How did Roman Catholicism get to this point? The history of Lutheran and Roman Catholic relations hardly anticipated it. The religious wars of the sixteenth and seventeenth centuries resulted in European political settlements that gave secular rulers the right to choose the religion of their region. Tolerance, where it existed, was limited. Theology, both within the ecclesiastical establishments and within the universities, did nothing to mitigate the tensions, but often furthered them. Catholic thinkers came to blame much of secularized Enlightenment thought on the movement Luther started.

By the start of the Second Vatican Council in 1962, the cultural plates had shifted. Enlightenment visions of progress and secularism had led to two devastating global wars and the massive cost of life associated with them. The growth of constitutional democracies across Europe would soon unseat the churches from their places as leaders of society and eventually marginalize them altogether. Atheistic philosophies became dominant within the academic halls—replacing even the theistic liberal philosophies and theologies of modern thought—and seeped into popular thought and religious life. All of these dynamics led Lutherans and Catholics to reconsider their relationship to one another and would in turn influence the theological direction of the council.

No single example of this new disposition may be more instructive than the Catholic interpretation of Luther. In the four centuries following the Reformation, Luther had been pictured by Catholic historians and theologians as a pariah—literally a seven-headed monster, to use the image adorning a tract by Johann Cochlaeus in the sixteenth century. Just as Protestants continued vilifying the papacy and Catholic doctrine, Catholics produced deprecating portrayals of Luther. Little had changed by the start of the twentieth century. The two most famous Catholic interpreters of Luther at the time, the Dominican Heinrich Denifle and the Jesuit Hartmann Grisar, alternately attributed Luther’s failings to sexual deviance and personal neurosis.

This image would not last the century. The chief protagonist was Joseph Lortz, a German Catholic historian of the Reformation, who began to look more closely at Luther’s life and thought in its medieval context. He argued that Luther was caught in a transition from the medieval scholasticism of Aquinas to the late-medieval nominalism of William of Ockham and Gabriel Biel—the latter representing a degradation of Catholicism. Luther did not seek to reject the Catholic Church, according to Lortz, but rather he inherited a Catholicism that was from the start corrupted by the nominalists: Luther fought against a Catholicism he had learned that was not really “Catholic,” but a late-medieval deviation.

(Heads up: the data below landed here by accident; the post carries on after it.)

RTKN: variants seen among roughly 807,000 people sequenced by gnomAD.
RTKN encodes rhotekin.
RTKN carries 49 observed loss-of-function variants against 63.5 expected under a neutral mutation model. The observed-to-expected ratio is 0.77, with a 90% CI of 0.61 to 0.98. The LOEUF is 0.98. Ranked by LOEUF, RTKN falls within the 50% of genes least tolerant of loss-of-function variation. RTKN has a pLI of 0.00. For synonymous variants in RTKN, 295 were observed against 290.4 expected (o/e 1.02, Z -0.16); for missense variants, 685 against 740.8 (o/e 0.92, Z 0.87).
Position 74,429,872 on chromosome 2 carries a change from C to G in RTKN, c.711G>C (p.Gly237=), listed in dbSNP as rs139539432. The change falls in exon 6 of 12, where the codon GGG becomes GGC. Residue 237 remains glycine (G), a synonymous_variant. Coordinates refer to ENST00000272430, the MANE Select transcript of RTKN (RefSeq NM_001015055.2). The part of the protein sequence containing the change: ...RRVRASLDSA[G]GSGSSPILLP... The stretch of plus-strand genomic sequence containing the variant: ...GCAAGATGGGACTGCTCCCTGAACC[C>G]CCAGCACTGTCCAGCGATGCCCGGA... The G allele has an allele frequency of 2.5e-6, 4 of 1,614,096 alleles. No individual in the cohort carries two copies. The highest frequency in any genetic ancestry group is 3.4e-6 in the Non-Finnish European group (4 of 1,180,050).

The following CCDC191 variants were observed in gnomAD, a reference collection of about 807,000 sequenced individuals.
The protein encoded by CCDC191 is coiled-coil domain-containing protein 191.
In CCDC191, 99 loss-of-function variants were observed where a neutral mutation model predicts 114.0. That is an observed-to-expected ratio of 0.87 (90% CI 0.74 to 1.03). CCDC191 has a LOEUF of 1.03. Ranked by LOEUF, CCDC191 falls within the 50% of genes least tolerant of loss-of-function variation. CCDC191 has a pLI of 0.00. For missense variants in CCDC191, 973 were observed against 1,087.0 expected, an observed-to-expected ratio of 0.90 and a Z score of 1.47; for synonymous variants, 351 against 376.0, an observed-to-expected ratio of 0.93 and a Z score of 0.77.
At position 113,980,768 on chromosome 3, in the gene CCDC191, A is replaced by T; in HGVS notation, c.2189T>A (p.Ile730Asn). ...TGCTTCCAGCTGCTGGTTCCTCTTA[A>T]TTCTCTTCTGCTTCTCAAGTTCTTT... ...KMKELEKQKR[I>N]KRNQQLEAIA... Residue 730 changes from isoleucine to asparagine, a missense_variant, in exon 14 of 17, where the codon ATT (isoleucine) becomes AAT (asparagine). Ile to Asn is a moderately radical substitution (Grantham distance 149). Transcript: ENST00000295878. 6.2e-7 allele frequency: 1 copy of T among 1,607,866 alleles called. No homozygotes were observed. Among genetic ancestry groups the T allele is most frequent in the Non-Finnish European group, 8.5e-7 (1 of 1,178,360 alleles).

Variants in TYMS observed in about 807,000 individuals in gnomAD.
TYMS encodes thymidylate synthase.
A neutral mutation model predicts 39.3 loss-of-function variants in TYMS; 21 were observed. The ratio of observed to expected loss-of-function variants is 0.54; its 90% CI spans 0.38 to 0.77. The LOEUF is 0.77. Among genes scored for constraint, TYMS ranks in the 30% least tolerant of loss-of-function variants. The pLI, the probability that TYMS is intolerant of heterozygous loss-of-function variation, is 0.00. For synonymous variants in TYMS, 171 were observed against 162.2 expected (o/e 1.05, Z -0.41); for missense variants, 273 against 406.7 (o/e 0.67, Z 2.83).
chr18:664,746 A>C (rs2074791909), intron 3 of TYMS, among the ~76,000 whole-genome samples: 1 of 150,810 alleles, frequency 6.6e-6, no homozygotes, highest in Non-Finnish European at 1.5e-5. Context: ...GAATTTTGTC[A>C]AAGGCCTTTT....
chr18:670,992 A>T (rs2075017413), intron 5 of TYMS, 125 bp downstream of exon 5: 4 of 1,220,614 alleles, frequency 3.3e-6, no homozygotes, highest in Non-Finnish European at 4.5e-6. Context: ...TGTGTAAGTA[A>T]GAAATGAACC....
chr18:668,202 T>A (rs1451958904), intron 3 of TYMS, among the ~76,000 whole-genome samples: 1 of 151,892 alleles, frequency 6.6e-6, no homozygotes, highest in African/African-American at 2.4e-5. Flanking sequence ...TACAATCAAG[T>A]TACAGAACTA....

Others would pick up Lortz’s mantle. Erwin Iserloh considered Luther and his doctrine of justification inherently compatible with medieval mysticism. Peter Manns found in Luther’s second Galatians commentary a definition of justification that was congruent with Roman Catholic thought. Otto Hermann Pesch compared Luther with Aquinas and came to the conclusion that they were fundamentally in agreement on the doctrine of justification, but approached it from two entirely different vantage points—Luther from the “existential” perspective of the struggling sinner, Aquinas from the “sapiential” perspective of the omniscient God. Others could be added, including Hans Küng, Yves Congar, Louis Bouyer, Daniel Olivier, Jared Wicks, Dennis Janz, to name a few, but it is not necessary to proliferate examples. Without question, the renewed Roman Catholic interest in Luther and improved perception of him led to a healthier interaction with his ideas among the council fathers at Vatican II.

The consequences of this Roman Catholic interpretation of Luther were immediate and palpable. From the 1960s through the 1990s in Germany and the United States, Lutherans and Catholics entered theological dialogue with their estranged brethren. This resulted in numerous documents and volumes addressing various points of disputed doctrine from each perspective and attempts to reconcile the two positions, even attempts to reach agreement on them. The most famous, and controversial, was the 1999 Joint Declaration on the Doctrine of Justification. Though the document has not become widely influential or accepted, and granting also the questionable claims it makes, the simple fact that Lutherans and Catholics could produce such a document or address such a divisive topic speaks to a drastic turnabout in their relationship. That owes much, then as now, to the renewed Roman Catholic appreciation for and study of Martin Luther.